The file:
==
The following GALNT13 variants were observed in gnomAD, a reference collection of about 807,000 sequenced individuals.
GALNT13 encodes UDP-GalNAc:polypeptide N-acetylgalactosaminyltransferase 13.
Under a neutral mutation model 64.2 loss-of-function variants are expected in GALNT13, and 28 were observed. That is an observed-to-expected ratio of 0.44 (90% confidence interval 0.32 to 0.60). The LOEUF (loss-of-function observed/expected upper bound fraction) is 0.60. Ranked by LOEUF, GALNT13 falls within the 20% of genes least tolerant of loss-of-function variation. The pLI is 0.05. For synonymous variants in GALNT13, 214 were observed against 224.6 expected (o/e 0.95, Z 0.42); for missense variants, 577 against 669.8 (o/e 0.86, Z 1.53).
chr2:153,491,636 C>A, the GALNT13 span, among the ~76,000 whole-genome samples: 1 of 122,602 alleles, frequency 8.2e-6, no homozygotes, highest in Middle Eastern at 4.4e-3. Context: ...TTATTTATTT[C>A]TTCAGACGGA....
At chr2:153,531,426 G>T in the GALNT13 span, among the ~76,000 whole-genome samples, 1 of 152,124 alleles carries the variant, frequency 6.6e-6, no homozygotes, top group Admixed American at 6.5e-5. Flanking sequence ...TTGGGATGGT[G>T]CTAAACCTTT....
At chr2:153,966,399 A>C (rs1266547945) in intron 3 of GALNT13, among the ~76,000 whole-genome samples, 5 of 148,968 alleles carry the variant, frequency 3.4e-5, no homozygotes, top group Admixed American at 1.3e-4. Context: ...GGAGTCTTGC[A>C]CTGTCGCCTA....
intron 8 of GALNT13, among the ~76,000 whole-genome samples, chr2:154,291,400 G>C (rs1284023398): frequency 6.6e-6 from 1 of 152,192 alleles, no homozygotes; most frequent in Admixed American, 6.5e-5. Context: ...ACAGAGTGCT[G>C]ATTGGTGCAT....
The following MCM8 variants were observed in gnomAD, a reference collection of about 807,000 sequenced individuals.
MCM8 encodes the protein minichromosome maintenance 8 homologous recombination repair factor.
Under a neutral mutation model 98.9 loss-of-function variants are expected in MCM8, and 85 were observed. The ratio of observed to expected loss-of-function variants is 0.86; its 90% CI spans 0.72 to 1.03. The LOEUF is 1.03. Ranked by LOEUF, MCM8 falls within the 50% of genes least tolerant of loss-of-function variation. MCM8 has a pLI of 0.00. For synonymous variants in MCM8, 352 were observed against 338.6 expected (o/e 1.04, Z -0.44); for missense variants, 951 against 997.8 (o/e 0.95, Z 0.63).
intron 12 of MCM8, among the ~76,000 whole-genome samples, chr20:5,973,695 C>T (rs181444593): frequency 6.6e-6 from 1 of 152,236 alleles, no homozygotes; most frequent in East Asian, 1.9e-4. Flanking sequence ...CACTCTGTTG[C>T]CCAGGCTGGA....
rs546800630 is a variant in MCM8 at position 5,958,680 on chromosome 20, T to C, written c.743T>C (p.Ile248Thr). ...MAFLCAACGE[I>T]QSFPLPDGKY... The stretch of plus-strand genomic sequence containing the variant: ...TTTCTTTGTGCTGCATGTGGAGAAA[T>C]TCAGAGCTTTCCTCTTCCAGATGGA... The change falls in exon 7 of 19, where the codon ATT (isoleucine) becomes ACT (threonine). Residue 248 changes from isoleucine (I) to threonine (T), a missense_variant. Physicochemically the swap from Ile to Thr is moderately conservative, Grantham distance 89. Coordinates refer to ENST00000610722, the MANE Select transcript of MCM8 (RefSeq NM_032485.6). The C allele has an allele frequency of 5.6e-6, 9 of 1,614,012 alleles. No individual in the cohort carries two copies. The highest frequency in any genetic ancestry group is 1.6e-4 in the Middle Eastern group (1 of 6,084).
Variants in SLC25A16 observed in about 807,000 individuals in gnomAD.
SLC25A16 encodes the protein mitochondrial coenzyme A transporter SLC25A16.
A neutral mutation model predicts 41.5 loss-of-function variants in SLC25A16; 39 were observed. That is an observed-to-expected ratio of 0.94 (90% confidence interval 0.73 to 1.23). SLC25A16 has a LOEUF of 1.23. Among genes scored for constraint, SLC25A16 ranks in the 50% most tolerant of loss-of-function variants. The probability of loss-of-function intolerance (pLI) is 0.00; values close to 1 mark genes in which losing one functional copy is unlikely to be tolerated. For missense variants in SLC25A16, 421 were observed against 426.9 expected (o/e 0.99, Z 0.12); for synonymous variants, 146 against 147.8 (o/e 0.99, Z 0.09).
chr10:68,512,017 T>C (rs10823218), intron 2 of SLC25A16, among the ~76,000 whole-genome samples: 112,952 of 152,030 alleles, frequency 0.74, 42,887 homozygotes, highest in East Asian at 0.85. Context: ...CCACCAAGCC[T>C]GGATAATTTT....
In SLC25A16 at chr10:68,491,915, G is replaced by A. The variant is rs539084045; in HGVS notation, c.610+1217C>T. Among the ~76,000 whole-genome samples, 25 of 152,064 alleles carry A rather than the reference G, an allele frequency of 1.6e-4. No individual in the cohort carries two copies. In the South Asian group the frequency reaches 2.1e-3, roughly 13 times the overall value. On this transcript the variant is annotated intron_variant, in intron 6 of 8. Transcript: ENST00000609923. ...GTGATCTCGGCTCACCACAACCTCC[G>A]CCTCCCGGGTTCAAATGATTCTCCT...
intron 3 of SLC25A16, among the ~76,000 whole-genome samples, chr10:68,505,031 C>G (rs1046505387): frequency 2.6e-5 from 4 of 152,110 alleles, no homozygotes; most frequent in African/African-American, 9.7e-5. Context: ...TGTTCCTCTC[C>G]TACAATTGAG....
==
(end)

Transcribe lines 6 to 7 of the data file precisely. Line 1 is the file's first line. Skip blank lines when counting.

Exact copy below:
At chr2:153,966,399 A>C (rs1266547945) in intron 3 of GALNT13, among the ~76,000 whole-genome samples, 5 of 148,968 alleles carry the variant, frequency 3.4e-5, no homozygotes, top group Admixed American at 1.3e-4. Context: ...GGAGTCTTGC[A>C]CTGTCGCCTA....
intron 8 of GALNT13, among the ~76,000 whole-genome samples, chr2:154,291,400 G>C (rs1284023398): frequency 6.6e-6 from 1 of 152,192 alleles, no homozygotes; most frequent in Admixed American, 6.5e-5. Context: ...ACAGAGTGCT[G>C]ATTGGTGCAT....